Today, design is the USP of change. User experience has captured the market space by a greater margin. It demands and reeks of quality over quantity. A compelling and moving design can make a huge difference in the message a brand wants to convey.
However, this puts a lot of load and control on the designers of GenX. Apart from the upside that the career in UX is offering, there are some obvious downsides too.
In this blog, we will address those not-so-good parts and try to find a solution!
Enterprise User Experience Or User Experience
As we mentioned, user experience is a tricky place to be. You can only possibly do guesswork on what the end user might be seeking. Thus, user experience is catering to their requirements with the closest possible personas.
Then, what is Enterprise User Experience?
Not always do we have the end user as our client. Some enterprises want to product the UX from you for things like designing an inventory tracking software, intranet sites and more. Thus, enterprise user experience is when products are designed for the ease of management of a company.
This poses more challenges for the designers as there are restrictions over the success of the product. Enterprise user experience adds more pressure in terms of cost of production and influence on the team working on the design.
Challenges For You
#1 Too Many Tweaks
The highest of complaints from a designer’s desk is always about the number of iterations or changes that clients seek. And getting edit requests after a long process and several hours of implementing the initial requirements is truly frustrating.
Well, we hear you! Is what automation is saying to the designers. In order to save your time and get you out of the mundane tasks of smallest of edits, machine learning is trying to support the design automation processes.
Abode is coming up with a software that can automatically adjust the basics like colors, graphics, and sizes for the webpages without human intervention. It will definitely save up manual hours of the designers by eliminating the time-consuming tasks.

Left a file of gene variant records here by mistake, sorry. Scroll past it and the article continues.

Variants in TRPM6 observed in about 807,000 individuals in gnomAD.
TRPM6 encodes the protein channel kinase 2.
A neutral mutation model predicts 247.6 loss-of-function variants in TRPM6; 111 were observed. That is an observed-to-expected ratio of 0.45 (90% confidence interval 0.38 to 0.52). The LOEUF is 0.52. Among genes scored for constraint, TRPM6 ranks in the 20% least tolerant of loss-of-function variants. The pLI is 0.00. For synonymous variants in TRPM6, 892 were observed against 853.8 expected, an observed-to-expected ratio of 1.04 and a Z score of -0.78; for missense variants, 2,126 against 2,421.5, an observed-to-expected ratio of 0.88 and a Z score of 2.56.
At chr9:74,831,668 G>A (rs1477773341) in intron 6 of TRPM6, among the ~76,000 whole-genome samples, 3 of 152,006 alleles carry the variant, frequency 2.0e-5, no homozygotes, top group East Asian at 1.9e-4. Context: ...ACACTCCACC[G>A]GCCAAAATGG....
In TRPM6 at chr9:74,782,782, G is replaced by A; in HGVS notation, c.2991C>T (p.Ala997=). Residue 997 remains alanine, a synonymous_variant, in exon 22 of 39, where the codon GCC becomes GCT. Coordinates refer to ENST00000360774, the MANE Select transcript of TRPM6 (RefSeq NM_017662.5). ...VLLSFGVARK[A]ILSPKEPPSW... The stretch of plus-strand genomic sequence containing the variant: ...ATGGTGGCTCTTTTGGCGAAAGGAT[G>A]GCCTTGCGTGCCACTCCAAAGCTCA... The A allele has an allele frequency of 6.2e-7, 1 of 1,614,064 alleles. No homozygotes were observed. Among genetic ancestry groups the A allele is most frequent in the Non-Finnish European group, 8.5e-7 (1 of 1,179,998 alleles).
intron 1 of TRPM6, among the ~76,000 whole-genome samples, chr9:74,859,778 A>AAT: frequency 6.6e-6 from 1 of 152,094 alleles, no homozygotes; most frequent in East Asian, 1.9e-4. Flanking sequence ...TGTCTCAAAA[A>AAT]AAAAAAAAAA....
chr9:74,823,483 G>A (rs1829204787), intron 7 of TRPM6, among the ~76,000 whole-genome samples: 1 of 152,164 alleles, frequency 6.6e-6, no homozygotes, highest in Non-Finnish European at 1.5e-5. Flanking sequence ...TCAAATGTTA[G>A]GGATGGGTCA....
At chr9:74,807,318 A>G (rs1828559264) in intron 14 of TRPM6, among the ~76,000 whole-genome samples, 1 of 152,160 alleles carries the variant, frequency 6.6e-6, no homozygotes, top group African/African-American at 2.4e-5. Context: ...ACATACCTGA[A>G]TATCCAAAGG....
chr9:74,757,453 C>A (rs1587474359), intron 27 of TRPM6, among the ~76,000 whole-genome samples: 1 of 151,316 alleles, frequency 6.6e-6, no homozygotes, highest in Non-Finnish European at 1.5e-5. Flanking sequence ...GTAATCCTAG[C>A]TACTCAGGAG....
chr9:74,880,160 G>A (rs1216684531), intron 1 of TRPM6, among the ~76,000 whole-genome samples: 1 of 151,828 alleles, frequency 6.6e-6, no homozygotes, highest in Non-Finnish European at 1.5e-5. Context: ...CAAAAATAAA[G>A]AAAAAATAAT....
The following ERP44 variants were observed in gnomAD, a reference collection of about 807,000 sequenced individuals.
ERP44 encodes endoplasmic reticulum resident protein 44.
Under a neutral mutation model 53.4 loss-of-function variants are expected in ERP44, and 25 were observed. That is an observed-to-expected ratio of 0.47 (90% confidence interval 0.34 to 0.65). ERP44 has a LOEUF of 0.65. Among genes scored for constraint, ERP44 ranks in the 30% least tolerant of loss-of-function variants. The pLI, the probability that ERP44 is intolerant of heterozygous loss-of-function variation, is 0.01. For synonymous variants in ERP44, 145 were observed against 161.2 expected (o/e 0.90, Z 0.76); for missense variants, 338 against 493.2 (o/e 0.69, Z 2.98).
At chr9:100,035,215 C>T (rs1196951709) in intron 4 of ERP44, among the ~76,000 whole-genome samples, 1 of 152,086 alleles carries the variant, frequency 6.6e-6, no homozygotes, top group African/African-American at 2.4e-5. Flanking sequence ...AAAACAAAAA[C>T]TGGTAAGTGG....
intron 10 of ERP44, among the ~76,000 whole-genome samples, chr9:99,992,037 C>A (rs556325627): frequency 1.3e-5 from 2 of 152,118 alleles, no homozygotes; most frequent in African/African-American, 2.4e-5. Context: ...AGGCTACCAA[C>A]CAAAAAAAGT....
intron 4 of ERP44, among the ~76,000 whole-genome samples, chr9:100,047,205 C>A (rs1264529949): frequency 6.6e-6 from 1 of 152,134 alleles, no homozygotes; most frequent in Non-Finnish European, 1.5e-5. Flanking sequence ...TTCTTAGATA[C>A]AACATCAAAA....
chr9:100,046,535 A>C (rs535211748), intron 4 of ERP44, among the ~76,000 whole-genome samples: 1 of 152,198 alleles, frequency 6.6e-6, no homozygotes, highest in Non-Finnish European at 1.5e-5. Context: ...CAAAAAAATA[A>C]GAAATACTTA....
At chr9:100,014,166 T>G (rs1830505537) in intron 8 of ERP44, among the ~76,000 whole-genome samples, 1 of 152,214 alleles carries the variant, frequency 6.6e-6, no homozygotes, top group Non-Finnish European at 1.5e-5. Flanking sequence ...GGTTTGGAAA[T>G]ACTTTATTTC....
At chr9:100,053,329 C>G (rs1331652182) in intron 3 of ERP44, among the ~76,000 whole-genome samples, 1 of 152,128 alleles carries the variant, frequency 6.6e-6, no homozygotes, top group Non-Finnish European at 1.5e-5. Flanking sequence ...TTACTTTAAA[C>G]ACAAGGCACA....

#2 Research Time & Budget Constraints
Time is a big factor to check in when taking up a new project. From the research work to estimating the changes, it can be difficult for designers to put a number on it. For a UX designer, research is the key element of the project at hand. It helps in eliminating the assumptions and making sure that the real user is getting addressed.
However, budget cuts are also a reality check that plays a vital role. It is not easy to convince your superiors for the time and money that research demands. With limited budgets and time to deliver, what can be the solution?
Well, this issue is a common sentiment that goes around the designers club. There are few tricks for executing effective research on a budget. Start with streamlining the process and gathering resources from wherever possible. Remember, some research is better than none.
#3 Users As Priority
The design doesn’t directly get to the end user. It goes through a chain of buyers and users first. So, how do we know if the product will be accessible to the end users? As we know that the product is bought and implemented by an enterprise first, we can try some hit and trial ideas to start with. However, it doesn’t address the main concerns yet.